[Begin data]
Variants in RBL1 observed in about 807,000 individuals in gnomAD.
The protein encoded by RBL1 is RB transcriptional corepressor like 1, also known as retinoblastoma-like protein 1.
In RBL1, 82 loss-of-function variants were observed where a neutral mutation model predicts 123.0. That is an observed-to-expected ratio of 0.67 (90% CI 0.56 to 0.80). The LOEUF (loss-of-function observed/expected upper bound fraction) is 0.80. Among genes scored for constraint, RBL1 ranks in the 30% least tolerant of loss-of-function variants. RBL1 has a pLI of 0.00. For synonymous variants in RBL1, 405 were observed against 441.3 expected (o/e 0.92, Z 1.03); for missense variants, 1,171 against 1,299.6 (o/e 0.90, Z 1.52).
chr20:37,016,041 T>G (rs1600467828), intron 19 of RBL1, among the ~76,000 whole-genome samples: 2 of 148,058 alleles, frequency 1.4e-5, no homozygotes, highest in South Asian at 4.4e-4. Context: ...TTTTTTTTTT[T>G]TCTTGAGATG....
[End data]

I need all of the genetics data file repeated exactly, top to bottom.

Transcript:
Variants in RBL1 observed in about 807,000 individuals in gnomAD.
The protein encoded by RBL1 is RB transcriptional corepressor like 1, also known as retinoblastoma-like protein 1.
In RBL1, 82 loss-of-function variants were observed where a neutral mutation model predicts 123.0. That is an observed-to-expected ratio of 0.67 (90% CI 0.56 to 0.80). The LOEUF (loss-of-function observed/expected upper bound fraction) is 0.80. Among genes scored for constraint, RBL1 ranks in the 30% least tolerant of loss-of-function variants. RBL1 has a pLI of 0.00. For synonymous variants in RBL1, 405 were observed against 441.3 expected (o/e 0.92, Z 1.03); for missense variants, 1,171 against 1,299.6 (o/e 0.90, Z 1.52).
chr20:37,016,041 T>G (rs1600467828), intron 19 of RBL1, among the ~76,000 whole-genome samples: 2 of 148,058 alleles, frequency 1.4e-5, no homozygotes, highest in South Asian at 4.4e-4. Context: ...TTTTTTTTTT[T>G]TCTTGAGATG....